Coal "Whipping Boy" For Greens Complaims Coal Exec
NEW YORK (Reuters) - The coal industry has become the "whipping boy" of environmentalists who fail to come up with realistic alternatives for energy, the head of one of America's biggest coal producers said.
Brett Harvey, chief executive of Consol Energy Inc (CNX.N: Quote, Profile, Research) also suggested a surcharge on electricity use to help pay for development of technology that makes coal burn off less carbon dioxide and converts the fossil fuel into liquids and gas.
"If you're not going to use coal anymore what are you going to use?" he said he asks anti-coal advocates. "Well, they respond to you: new technology, solar and wind.
"My response is: 'Well, how does that work? and they say: 'I don't know but we need to study it,'" Harvey said in an interview during this week's Reuters Environment Summit.
"Well if it was really that easy, don't you think we'd have already done this? Do you think we would already have avoided the Clean Air Act and everything we've done to clean up coal over the years and gone automatically to that?" said Harvey, whose Pittsburgh-based company produces approximately 70 million tons of coal per year.
"There is a direct relationship between the use of coal and a healthy economy," he said. "When you quit using 50 percent of your electricity then we can talk. If you throttle back the use of coal and drive your base power costs up, you make all the products we make more expensive."
Asked how the industry viewed environmentalists' efforts to stop construction of new coal-fired power plants, which they blame for increasing greenhouse gas emissions, Harvey said: "Well, it's the whipping boy.
"I think the whole mantra of the environmental groups is: don't waste energy and if you make everything more expensive the theory is you use less. That's the underlying basis of their argument, but it's not the nature of the American public or probably anyone in the world," Harvey said.
Coal fuels approximately 50 percent of America's electricity generation, but environmentalists want to replace it with alternative sources, such as wind or solar, to meet future increased power demand.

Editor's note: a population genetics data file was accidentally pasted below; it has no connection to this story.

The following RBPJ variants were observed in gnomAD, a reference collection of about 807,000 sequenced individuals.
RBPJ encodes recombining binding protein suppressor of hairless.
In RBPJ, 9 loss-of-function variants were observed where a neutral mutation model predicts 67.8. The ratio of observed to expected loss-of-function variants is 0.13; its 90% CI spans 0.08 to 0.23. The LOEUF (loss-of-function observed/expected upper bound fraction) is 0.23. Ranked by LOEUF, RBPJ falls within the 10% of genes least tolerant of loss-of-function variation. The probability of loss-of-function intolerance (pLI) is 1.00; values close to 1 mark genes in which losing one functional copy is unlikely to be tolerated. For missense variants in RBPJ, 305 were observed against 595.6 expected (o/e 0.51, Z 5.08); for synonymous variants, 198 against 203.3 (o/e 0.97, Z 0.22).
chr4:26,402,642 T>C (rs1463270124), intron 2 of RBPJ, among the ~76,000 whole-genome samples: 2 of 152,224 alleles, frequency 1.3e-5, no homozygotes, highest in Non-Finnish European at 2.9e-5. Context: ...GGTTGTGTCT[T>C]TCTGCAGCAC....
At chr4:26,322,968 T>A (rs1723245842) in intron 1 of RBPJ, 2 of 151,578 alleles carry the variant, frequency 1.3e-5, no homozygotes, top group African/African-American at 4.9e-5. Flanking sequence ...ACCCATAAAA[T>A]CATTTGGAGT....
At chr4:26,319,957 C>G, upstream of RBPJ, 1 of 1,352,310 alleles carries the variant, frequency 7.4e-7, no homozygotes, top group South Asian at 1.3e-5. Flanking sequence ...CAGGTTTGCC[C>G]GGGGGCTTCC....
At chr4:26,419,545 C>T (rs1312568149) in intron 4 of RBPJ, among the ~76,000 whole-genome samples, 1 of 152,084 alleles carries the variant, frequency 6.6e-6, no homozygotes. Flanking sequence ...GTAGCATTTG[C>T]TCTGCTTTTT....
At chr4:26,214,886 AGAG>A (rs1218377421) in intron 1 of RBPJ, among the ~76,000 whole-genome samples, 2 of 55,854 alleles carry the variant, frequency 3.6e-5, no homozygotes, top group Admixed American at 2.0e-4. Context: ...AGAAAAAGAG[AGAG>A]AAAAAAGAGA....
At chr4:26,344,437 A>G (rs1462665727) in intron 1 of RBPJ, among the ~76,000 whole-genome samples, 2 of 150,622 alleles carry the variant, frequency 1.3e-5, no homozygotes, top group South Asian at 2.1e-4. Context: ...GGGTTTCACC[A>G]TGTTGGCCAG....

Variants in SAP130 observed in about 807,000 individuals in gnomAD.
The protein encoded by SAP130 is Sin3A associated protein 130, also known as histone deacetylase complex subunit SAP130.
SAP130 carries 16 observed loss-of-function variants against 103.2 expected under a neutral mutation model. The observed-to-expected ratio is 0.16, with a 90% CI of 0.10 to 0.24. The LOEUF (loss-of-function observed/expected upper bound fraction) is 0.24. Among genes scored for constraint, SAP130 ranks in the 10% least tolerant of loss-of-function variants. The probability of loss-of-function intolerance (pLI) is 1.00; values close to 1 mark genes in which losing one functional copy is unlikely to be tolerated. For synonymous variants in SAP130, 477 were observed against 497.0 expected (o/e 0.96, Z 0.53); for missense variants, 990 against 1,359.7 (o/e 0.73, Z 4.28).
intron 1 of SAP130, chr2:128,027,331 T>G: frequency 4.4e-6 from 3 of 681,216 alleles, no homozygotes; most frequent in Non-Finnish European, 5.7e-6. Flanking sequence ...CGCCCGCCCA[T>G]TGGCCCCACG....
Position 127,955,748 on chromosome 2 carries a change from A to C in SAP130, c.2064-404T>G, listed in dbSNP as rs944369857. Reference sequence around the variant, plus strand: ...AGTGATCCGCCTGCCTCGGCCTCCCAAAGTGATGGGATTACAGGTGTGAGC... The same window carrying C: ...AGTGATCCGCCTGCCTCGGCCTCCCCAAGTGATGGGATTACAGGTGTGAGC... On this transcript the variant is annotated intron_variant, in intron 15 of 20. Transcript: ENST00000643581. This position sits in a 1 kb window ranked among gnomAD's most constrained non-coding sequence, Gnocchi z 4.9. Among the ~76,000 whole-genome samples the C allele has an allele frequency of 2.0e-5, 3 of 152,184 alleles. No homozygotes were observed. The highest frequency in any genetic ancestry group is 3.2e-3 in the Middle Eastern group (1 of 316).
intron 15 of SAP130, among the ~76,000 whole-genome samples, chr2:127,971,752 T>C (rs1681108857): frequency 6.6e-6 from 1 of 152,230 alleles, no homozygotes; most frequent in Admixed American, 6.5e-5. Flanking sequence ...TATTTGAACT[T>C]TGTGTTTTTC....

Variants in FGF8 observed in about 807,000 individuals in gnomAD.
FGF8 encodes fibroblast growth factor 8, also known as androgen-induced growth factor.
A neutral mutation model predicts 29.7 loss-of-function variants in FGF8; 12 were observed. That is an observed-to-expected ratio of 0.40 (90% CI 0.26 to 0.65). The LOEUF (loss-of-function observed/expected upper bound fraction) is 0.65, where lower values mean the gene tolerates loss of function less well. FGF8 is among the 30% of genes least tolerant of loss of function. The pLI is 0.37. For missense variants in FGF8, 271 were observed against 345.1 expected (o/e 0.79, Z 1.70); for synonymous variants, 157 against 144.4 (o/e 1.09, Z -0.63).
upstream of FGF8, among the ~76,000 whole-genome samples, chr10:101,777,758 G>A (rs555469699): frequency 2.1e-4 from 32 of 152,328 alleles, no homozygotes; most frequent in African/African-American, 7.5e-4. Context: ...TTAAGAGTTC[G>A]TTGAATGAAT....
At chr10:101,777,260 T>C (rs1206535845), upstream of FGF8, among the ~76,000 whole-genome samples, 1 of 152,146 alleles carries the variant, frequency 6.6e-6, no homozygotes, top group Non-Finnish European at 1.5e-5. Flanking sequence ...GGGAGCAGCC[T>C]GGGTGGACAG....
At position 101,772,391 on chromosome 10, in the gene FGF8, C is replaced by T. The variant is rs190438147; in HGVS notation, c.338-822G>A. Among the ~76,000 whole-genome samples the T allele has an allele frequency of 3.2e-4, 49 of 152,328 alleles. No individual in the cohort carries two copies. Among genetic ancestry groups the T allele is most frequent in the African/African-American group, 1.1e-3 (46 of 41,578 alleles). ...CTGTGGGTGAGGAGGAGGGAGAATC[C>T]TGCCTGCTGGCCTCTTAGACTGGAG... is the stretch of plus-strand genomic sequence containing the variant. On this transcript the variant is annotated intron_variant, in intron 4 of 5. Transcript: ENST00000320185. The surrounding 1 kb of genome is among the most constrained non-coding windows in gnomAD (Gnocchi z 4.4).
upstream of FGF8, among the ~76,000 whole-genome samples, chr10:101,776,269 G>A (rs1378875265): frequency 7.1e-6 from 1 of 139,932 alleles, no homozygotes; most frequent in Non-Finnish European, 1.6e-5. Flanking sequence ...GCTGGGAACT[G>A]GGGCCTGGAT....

Harvey said the problem lies also with the public's perception of coal as an outdated, dirty, 19th Century fuel.
"People have disconnected the use of coal from what they do in their everyday lives. They think that's what their grandparents used to do. They don't realize when they hit the light switch they hit Consol Energy."
Harvey said in the 1990's America decided it wasn't going to use coal any more. "The administration said coal would be done in 2005.
"Everybody believed it and natural gas went from a buck and a half a million (BTU) to $10 a million based on throttling back coal and, guess what, now we're on short supply of natural gas, we overbuilt gas generation and you can't replace it with limited fuel sources."
Asked about clean-coal technology, he said: "Should we do something more with coal? Yes. Can we make it cleaner? Yes. But it's going to cost us and it's going to take time.
"This is no different from landing somebody on the moon, if the focus is there and the attitude is there, we'll get it done. What we need is people to agree to solve the problem, not just throw the baby out with the bathwater and say there's an alternative that nobody can describe."
Coal-to-liquid (CTL) technology would require $2 billion to $3 billion in research per year over 10 years, he estimates.
"Probably the best thing to do is take and bill the people who use the coal for power. Tack that as a fee on the use of power for coal and put it in a research institute. It costs the average family about $5 a year and you will have funded the research," he said.
"If you take coal out of the equation and you try to eliminate coal, based on the environment, the people you hurt the most will be poor people," he added.
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